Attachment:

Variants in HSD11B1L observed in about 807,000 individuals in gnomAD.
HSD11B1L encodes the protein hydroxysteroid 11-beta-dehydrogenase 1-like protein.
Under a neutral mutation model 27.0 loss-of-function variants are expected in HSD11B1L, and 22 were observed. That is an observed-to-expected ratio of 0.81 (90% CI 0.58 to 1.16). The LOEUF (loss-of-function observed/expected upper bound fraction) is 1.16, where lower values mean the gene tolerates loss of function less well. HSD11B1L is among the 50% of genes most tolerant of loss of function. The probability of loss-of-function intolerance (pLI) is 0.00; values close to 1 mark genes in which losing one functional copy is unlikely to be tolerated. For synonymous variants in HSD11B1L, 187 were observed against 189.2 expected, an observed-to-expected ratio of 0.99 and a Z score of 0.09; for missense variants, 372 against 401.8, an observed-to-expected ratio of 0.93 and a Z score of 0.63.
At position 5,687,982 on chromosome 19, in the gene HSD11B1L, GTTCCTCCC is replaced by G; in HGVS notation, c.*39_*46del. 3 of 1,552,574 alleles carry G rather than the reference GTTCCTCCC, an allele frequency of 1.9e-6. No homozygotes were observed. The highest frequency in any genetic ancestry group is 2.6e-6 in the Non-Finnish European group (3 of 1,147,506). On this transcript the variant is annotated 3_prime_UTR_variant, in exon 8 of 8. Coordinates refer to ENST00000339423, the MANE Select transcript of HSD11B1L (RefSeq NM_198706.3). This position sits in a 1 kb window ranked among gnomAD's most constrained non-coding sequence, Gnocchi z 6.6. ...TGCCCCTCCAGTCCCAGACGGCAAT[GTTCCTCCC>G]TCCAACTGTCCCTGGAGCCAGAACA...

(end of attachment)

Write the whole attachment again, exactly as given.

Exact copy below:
Variants in HSD11B1L observed in about 807,000 individuals in gnomAD.
HSD11B1L encodes the protein hydroxysteroid 11-beta-dehydrogenase 1-like protein.
Under a neutral mutation model 27.0 loss-of-function variants are expected in HSD11B1L, and 22 were observed. That is an observed-to-expected ratio of 0.81 (90% CI 0.58 to 1.16). The LOEUF (loss-of-function observed/expected upper bound fraction) is 1.16, where lower values mean the gene tolerates loss of function less well. HSD11B1L is among the 50% of genes most tolerant of loss of function. The probability of loss-of-function intolerance (pLI) is 0.00; values close to 1 mark genes in which losing one functional copy is unlikely to be tolerated. For synonymous variants in HSD11B1L, 187 were observed against 189.2 expected, an observed-to-expected ratio of 0.99 and a Z score of 0.09; for missense variants, 372 against 401.8, an observed-to-expected ratio of 0.93 and a Z score of 0.63.
At position 5,687,982 on chromosome 19, in the gene HSD11B1L, GTTCCTCCC is replaced by G; in HGVS notation, c.*39_*46del. 3 of 1,552,574 alleles carry G rather than the reference GTTCCTCCC, an allele frequency of 1.9e-6. No homozygotes were observed. The highest frequency in any genetic ancestry group is 2.6e-6 in the Non-Finnish European group (3 of 1,147,506). On this transcript the variant is annotated 3_prime_UTR_variant, in exon 8 of 8. Coordinates refer to ENST00000339423, the MANE Select transcript of HSD11B1L (RefSeq NM_198706.3). This position sits in a 1 kb window ranked among gnomAD's most constrained non-coding sequence, Gnocchi z 6.6. ...TGCCCCTCCAGTCCCAGACGGCAAT[GTTCCTCCC>G]TCCAACTGTCCCTGGAGCCAGAACA...